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Question DetailsAsked on 4/25/2013

What should I pay for a solar panel installation .on a 1700 sq. ft. home ?

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2 Answers

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It's not just the size of the home that is a factor in how many panels you will need. They also take into account how much of your roof will get the most sun and your current electric usage. You should get quotes from at least two companies before you make a commitment - quotes are free, so why wouldn't you get as many as you can? Also, with a lease, you could pay no money upfront and then you would just pay for the lease per month like you currently do your electric bill - only your lease payment will be less and you'll be receiving SRECs on top of that (in NJ, not sure how other states work with the SRECs).

Answered 6 years ago by LoriS

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The US Department of Energy and the EPA have downloadable info on this subject, and your state energy conservation office and coopeative extension service probably does too. Some public power utilities have alternative energy programs that can assist with demand / typical costs estimates, too.

Unless you have had an energy audit, you may have a rude surprise coming. Generally speaking, residential sized solar energy installations are only economic in the sunniest parts of the country, and even then commonly only when electricity is expensive or a subsidized rate is provided for alternative energy installations. Generally, roof installations are iffy except in the most southern states, because the sun angle is not right for the roof most of the year - the really efficient way to collect solar energy is on the walls, but that has not caught on yet due to aesthetics. Even if it works out as economic, the payback period runs in the decades and you are lookingat a very big initial outlay (except on a leaseback deal), and most people are not planning on staying in a house that long. Even a lot of the leaseback contracts are written with the OWNER responsible for the payments, not the property (same as for a car) - so if you move the new owner has to voluntarily assume the lease agreement or you are still on the hook for the life of the contract. Solar power on the roof is generally considered a detriment rather than a benefit in selling a home, because not many people want the cleaning requirement, financial risk and hassle involved. There is a lot to putting together an effective solar power installation, and a lot of the cost comes in power regulation for tying it into the power system or hot water heating.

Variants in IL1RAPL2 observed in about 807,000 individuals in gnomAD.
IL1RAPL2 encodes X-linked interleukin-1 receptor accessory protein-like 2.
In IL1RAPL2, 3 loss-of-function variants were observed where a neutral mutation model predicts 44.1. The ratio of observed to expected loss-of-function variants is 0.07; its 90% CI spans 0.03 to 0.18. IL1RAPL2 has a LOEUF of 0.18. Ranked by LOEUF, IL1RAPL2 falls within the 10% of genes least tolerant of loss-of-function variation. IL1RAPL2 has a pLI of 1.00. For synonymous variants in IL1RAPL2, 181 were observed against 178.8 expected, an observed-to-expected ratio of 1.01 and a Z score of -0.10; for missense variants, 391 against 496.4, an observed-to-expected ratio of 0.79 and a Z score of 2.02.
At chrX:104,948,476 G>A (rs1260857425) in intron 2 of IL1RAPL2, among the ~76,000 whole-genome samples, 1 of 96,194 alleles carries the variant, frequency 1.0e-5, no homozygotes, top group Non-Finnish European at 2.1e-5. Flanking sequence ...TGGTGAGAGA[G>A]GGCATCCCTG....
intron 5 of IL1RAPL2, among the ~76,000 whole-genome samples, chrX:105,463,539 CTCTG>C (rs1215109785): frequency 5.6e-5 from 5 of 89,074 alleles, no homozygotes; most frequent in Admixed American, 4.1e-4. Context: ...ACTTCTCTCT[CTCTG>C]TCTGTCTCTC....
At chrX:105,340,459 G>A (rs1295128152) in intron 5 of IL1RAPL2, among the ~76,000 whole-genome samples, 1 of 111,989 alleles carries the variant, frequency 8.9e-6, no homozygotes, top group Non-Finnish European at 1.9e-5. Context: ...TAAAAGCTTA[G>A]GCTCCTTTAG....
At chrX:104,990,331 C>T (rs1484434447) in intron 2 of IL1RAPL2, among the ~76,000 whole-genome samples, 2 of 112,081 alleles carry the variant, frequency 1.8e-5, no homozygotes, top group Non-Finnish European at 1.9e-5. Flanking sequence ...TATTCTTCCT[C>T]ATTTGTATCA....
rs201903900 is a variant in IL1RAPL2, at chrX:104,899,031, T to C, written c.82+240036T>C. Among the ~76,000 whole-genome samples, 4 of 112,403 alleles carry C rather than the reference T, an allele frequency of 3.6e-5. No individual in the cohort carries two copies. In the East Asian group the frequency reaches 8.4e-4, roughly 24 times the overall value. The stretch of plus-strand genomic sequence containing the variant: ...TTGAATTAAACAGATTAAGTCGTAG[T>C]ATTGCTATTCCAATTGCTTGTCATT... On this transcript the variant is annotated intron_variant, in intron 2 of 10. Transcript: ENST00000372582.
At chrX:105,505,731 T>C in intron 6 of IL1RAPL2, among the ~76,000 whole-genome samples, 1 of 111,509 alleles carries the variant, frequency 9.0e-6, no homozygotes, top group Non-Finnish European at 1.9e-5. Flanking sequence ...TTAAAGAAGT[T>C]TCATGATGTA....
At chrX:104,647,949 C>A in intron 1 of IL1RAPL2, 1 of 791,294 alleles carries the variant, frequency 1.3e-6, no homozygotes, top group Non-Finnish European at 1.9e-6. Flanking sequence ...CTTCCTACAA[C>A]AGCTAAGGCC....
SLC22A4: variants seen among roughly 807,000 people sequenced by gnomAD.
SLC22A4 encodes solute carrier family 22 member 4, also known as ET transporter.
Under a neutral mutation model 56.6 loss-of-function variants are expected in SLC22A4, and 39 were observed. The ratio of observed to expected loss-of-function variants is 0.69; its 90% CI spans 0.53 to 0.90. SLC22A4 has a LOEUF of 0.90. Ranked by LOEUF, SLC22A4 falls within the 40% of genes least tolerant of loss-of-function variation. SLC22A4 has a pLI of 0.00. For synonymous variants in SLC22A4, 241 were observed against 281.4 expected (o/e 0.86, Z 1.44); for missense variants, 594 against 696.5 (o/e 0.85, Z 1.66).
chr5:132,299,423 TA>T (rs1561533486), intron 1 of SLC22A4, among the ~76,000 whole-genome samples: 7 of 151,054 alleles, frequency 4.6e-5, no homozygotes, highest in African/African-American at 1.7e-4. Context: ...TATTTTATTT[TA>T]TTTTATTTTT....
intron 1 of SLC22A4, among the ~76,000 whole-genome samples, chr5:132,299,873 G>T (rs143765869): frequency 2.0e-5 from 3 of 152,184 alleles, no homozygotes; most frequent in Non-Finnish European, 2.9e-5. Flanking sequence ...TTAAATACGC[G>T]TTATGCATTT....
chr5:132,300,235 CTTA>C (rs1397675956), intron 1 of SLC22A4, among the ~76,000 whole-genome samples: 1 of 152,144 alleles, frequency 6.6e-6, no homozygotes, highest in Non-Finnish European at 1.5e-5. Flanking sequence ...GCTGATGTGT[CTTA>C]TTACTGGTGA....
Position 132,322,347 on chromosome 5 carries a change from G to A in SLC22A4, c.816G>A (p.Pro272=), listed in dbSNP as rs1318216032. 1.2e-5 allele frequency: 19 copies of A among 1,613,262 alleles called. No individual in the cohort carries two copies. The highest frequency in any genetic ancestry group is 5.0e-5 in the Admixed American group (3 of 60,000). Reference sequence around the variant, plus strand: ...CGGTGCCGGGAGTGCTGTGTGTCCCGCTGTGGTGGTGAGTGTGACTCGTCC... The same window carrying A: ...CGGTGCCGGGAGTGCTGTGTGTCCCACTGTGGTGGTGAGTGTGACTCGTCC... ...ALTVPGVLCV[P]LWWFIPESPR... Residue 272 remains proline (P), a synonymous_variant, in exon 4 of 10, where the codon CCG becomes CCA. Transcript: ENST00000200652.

Generally speaking, the breakeven payback period is VERY long, and if you are in an area with heavy snow or wind blown debris / tornadoes / hurricanes, the insurance on the system can be pretty expensive.

One stray factor most people don't think of is that unless it is installed over a brand new roof rated for 30 years or more, it can take your typical $5-10K reroof job up to double or triple that, because the entire panel system has to be removed to reroof the house.

Answered 6 years ago by LCD




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